With the Academy Awards nominations out of the bag, and silver-screen season officially in full swing, it's time to look at how some of this year's contenders for best movie measure up design- and decor-wise. Take The King's Speech, Tom Hooper's account of a stuttering, feeble King George VI of Britain and his relentless speech pathologist, Lionel Logue. Hooper had originally wanted to shoot the therapy sessions in Logue's actual old home, on London's Harley Street, but the space was too small. So the crew set up shop one block away in a building with vaulted ceilings, large leaded windows that filtered in light, and a half-wall of decaying, peeling, chipped, paint-covered, earth-toned paper. Enchanted, they replicated the look throughout the entire room (above) and limited the furnishings to a Louis XV-style sofa. File under: spectacular.
? This summer, Christopher Nolan's mind-boggling blockbuster Inception had fans and critics alike debating the film's first and last scenes ad nauseum, so we're not even going to attempt to iron anything out here. Despite the disagreement about whether the lantern-filled dining room in the palace of business magnate Saito exists in dreams or in limbo, the space resembles Shinto temples throughout Japan, where production designer Guy Dyas lived for many years.
? Thanks to photographer Jack Delano, the gritty, industrial personality of Lowell, Mass., has been canonized in the permanent collection of the Museum of Modern Art. Well, David O. Russell's portrayal of the town in the '90s—poverty, crack, and all—in boxing flick The Fighter may not be pretty enough to hang on a wall, but arresting it most certainly is. A modest turquoise clapboard—home to Alice Ward, mother of Mark Wahlberg's Micky and Christian Bale's Dicky, as well as her seven loud-mouthed, chain-smoking, grown daughters—is Russell's platonic ideal of New England working-class housing that's overstuffed with family dependency and dysfunction simultaneously.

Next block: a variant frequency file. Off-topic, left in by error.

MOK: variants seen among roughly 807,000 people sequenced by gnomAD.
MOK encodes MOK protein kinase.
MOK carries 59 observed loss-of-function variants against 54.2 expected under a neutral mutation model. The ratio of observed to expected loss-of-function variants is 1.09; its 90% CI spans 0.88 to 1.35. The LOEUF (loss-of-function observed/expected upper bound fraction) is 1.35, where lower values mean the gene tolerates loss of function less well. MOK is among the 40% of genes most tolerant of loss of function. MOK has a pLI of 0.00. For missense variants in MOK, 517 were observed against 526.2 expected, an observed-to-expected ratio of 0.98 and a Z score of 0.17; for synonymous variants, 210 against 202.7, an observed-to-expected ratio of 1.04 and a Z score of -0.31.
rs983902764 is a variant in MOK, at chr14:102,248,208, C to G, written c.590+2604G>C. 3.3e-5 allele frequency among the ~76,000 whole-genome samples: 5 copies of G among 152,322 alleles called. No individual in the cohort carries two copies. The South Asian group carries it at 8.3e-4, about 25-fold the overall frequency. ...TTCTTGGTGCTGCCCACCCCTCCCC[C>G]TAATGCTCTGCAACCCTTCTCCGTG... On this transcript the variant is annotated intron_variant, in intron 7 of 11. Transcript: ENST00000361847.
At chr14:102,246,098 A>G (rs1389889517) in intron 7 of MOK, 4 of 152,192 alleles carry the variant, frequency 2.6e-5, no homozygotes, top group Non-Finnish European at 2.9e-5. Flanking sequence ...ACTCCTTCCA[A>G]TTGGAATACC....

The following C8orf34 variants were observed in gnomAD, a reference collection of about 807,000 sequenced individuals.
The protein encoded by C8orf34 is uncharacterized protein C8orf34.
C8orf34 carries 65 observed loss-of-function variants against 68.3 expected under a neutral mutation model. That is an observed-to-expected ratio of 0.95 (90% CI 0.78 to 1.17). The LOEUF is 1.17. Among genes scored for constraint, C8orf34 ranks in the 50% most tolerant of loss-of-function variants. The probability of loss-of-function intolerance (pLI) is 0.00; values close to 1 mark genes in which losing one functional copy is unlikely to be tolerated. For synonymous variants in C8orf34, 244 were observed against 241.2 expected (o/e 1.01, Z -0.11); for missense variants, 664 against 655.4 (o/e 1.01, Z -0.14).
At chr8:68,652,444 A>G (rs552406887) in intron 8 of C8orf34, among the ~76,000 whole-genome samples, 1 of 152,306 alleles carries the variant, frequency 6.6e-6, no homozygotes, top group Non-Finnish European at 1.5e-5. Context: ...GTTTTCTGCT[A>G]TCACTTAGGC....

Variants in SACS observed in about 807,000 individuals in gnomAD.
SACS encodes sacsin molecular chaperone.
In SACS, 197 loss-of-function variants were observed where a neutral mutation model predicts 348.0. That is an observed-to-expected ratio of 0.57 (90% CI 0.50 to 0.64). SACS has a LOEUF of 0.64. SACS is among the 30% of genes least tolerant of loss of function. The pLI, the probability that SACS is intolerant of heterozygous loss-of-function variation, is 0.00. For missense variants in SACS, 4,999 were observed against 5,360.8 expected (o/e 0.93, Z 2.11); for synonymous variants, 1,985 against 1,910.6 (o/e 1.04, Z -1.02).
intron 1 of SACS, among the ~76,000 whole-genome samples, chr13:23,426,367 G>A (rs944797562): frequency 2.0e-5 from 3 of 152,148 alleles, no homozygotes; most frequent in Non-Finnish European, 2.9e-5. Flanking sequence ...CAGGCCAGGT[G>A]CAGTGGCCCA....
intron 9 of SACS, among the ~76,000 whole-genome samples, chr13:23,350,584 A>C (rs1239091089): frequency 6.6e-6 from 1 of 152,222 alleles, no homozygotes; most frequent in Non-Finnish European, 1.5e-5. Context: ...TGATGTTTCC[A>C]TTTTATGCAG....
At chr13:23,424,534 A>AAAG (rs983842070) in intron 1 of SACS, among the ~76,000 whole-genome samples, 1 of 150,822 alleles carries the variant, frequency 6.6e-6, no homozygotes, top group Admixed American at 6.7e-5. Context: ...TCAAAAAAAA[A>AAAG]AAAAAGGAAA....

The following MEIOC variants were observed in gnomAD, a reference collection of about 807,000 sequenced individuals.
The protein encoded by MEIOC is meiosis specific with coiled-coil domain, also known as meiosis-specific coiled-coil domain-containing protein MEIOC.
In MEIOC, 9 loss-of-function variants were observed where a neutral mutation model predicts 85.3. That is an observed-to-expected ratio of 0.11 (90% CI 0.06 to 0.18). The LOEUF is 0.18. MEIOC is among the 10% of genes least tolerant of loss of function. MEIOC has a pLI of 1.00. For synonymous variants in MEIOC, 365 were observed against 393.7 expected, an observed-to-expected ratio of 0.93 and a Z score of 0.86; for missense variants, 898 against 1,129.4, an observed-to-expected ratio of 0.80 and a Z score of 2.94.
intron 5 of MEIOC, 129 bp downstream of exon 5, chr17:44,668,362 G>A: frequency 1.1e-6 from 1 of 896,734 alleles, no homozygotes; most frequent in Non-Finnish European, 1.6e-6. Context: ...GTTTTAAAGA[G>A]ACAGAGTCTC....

? To conceive the sets of his Facebook biopic The Social Network, director David Fincher called upon production designer Donald Graham Burt to craft the visual representation of Mark Zuckerberg's rapid ascent to success. By the film's end, Craigslist furniture and dimly lit dorm rooms give way to curved cubicles in that uber-recognizable blue, an open, industrial-looking floorplan, and yellow accents, all modeled after Facebook's real-life headquarters in Palo Alto, Calif.
? Darren Aronofky's stunning-yet-psycho drama Black Swan is saturated with symbolism and heavy-handed use of the colors black, white, and gray. The NYC apartment of Natalie Portman's Nina, however, presents a stark deviation from the sepia-toned bulk, what with pink, fluttery butterfly-printed wallpaper that has presumably remained unchanged since she was a kid. It's here where she tangles herself up in wispy pink sheets and "explores her sexuality," to use critic jargon, in more than one scene. All while the stuffed animals look on.
· The King's Speech: How clever sets create a compelling picture of 1930s London [Guardian]
· Inception Production Designer Guy Dyas: “Only 5 Percent of Our Scenes Used Green Screen” [Vanity Fair]
· The Fighter (Movie Review) [NYT]
· Facebook Offices/O + A Studios [Arch Daily]